There are many people who could write much more than I can about their relationship with Pope Benedict XVI, such as his long-time friend Archbishop Alfons Nossol, Monsignor Pawel Ptasznik and even Cardinal Stanislaw Dziwisz. Dozens of requests for an interview came to me on the day Pope Benedict XVI died, which is why I’m making this memoir public. This is my personal testimony, that of an ordinary, simple boy who experienced the great grace of being close to, in my opinion, a saint.
My visit to the Vatican
It was the evening of November 11, 2019, and Rome was drowning in torrential rain. A little after 5 p.m., I sipped a cappuccino at a nearby bar on Borgo Pio and stood at St. Anne’s Gate leading to the Vatican. At the Vatican Gendarmerie pass office, I presented a letter of invitation signed by the pope’s personal secretary emeritus, Archbishop Georg Gänswein, after which I got into a car with one of the officers and we headed through the Belvedere Courtyard toward the Vatican Gardens, then stopped in front of the Mater Ecclesiae monastery gate.
The officer rang the bell, after which the gate opened and he asked me to leave the car. At the door of the monastery stood a sister serving at the monastery, who greeted me with a warm smile and a kind word. We entered the hallway, and she took my jacket and invited me to wait in the room on the left on the first floor.
A few minutes passed. I was really looking forward to this meeting, as the last time we had seen each other had been three years earlier.
Meeting with Benedict XVI
Suddenly the door opened and the figure of the retired pope, Holy Father Benedict XVI, appeared in a wheelchair. When I saw him, although I was on one leg and on two crutches, I knelt before him, laid my head on his hands and tears flowed from my eyes.
I was unable to pronounce a single word. I was crying and he was stroking my head, and not for a moment did I feel restrained in any way.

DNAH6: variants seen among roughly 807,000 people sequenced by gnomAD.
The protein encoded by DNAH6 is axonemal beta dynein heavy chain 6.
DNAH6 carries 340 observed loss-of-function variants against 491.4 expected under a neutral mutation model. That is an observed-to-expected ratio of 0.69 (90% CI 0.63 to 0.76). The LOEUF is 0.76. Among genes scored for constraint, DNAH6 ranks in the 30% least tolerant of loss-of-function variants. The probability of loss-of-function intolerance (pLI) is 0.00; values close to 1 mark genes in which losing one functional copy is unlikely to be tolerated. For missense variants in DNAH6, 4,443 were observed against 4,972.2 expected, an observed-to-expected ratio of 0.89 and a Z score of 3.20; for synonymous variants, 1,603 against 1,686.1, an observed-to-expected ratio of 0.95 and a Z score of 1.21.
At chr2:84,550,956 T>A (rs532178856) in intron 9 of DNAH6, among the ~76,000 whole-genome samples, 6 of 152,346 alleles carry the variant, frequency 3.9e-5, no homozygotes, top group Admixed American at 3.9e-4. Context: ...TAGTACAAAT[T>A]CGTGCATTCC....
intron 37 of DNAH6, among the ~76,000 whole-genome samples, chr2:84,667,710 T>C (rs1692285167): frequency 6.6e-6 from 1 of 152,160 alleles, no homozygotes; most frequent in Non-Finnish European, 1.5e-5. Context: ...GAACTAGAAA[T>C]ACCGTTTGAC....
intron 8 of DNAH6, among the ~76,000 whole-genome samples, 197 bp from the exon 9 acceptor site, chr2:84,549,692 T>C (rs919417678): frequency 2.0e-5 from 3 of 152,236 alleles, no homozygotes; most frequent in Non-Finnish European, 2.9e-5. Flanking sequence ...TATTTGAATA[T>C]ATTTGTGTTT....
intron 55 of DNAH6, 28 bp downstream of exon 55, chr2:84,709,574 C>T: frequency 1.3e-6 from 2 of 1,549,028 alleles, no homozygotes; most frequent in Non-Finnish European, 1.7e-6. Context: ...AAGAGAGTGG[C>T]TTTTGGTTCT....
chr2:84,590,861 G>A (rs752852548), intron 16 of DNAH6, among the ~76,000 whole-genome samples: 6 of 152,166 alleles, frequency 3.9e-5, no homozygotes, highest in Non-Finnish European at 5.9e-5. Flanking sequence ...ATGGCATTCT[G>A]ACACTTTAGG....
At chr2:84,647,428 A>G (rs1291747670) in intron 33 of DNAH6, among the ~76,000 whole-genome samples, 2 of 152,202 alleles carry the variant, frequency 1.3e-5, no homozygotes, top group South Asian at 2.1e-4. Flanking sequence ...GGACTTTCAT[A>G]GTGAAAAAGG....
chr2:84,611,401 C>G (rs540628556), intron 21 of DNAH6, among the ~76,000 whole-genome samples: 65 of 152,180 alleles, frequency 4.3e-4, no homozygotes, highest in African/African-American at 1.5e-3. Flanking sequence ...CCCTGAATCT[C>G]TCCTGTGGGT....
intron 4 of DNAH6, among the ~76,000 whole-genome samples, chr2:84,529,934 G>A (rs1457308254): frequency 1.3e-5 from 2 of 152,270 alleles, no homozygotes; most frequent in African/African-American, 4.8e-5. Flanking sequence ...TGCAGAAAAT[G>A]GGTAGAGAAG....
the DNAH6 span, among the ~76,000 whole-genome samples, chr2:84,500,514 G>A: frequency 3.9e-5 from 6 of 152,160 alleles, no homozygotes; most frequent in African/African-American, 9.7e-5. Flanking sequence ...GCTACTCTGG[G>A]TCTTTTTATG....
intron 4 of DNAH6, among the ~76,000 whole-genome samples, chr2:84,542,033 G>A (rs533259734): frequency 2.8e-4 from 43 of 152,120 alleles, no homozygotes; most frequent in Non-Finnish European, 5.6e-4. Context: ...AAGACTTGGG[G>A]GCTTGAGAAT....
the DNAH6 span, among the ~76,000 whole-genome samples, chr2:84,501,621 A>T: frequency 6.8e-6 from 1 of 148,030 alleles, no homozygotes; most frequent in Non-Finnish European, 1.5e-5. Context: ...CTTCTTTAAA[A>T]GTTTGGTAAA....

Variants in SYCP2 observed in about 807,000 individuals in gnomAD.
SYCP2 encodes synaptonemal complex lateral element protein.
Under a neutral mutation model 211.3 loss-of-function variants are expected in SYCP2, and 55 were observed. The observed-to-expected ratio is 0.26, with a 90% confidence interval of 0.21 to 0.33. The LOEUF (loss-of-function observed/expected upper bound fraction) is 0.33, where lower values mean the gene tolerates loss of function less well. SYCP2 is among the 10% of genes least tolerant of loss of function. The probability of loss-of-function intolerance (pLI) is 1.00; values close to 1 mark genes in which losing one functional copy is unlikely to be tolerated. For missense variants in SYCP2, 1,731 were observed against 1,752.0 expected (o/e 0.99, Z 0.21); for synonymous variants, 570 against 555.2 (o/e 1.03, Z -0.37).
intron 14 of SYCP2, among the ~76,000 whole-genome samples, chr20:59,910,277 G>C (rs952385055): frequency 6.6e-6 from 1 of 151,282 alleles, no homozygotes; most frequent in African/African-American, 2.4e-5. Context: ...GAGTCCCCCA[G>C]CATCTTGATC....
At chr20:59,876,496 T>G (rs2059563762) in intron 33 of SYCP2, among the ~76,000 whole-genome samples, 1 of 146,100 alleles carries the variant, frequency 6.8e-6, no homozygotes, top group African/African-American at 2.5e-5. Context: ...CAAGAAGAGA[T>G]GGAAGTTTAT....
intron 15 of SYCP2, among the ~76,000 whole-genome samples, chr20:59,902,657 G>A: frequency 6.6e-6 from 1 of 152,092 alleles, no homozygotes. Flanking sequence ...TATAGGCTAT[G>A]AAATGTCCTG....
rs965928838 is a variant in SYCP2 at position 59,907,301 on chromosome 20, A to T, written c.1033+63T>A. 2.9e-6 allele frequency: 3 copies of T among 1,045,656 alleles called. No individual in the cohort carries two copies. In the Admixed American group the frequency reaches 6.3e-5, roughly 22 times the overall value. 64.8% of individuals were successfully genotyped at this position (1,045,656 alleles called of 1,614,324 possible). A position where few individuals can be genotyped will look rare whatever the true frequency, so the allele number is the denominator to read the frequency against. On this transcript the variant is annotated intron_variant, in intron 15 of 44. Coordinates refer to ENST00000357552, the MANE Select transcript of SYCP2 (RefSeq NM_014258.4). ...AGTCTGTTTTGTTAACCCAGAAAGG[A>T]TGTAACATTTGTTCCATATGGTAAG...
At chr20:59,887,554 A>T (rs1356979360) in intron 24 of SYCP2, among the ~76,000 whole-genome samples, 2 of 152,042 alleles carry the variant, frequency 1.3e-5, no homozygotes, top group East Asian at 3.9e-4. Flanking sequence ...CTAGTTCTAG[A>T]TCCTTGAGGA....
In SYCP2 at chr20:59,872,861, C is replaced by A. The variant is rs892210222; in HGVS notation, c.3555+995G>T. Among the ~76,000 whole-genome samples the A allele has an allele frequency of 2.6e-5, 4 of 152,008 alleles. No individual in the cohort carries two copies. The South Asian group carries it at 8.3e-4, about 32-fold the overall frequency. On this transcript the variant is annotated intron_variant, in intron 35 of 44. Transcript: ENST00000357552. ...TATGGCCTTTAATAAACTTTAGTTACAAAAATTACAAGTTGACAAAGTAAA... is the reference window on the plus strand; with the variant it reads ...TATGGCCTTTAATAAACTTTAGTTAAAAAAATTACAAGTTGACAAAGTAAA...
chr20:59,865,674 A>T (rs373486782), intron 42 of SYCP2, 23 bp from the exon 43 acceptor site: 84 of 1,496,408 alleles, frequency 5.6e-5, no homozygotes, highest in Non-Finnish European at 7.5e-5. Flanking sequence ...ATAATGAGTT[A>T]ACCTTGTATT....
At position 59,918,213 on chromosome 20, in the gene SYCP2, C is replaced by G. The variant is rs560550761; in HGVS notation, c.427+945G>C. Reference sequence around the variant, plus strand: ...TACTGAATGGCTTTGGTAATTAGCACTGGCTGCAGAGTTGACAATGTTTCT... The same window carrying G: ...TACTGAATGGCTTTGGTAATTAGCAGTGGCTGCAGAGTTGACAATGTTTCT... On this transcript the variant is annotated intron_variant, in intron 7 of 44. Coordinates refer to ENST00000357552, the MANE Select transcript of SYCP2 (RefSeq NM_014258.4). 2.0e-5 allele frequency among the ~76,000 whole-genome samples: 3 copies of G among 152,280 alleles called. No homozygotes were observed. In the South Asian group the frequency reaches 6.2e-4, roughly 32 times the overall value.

This moment was similar to when you meet someone extremely close to you after a long separation. I lifted my head and my weeping eyes saw his serene, loving, and gentle face. I kissed His Holiness’ hand, and Archbishop Gänswein helped me get up and sit next to the Holy Father. We began our meeting.
Polish gifts for the retired pope
I brought His Holiness many gifts from Poland. Among them were letters from people for whom he remains extremely important and who love him; CDs of classical music performed by young musicians from the Sinfonia Iuventus orchestra; an album in English about the life and works of Frederic Chopin, and my book, You Only Live Once. When the Holy Father took the latter in his hands, he began to look through it page by page and asked about all the people in the numerous photos. He was keenly interested. And he blessed everyone.
Unfortunately, the book has only been published in Polish, and it recalls several of our earlier meetings, back during the pontificate of Pope Benedict XVI. When we finished looking through it, Archbishop Gänswein handed it back to me saying, “Take it please. You will give it to someone who understands Polish.” But then the Holy Father put his hand on it, saying, “Please keep it in my library.”
This gesture made me feel a great emotion once again. I felt special.
Benedict XVI: Humility, modesty, love
I also offered His Holiness my “Compostela” (a sort of certificate of completion, Ed.) from the 2017 Camino de Santiago, when I walked for the Holy Father on his 90th birthday. He took the framed document in his hands, looked at me and said: “And you walked such a long and difficult road for my intention? What did I do to deserve this?”
How impressed I was once again by his great humility, his modesty and his great love. I thought about what my gift to him could be in the face of all those he receives from around the world. Yet he showed me that I was something special to him.
He perceived what was invisible to the eyes. He perceived the love that can only be seen with the heart.
I felt simply loved
During this meeting, there were also funny moments when the Holy Father looked through the classical music CDs I had given him. He delighted in concertos by Mozart, Bach, Schubert, Michal Lorenc’s composition Przymierze, Piotr Baron’s disc Wodecki Jazz, one after another, and I trembled that the Holy Father would ask me about any of the works of the great composers, since on the subject of music I absolutely cannot call myself an expert.
When he came to a CD of Haydn’s music, he looked at the pieces and commented: “Hmmm. I’m not fond of it. You have it, Georg, that’s for you…” And we all laughed sincerely, as if in a circle of friends.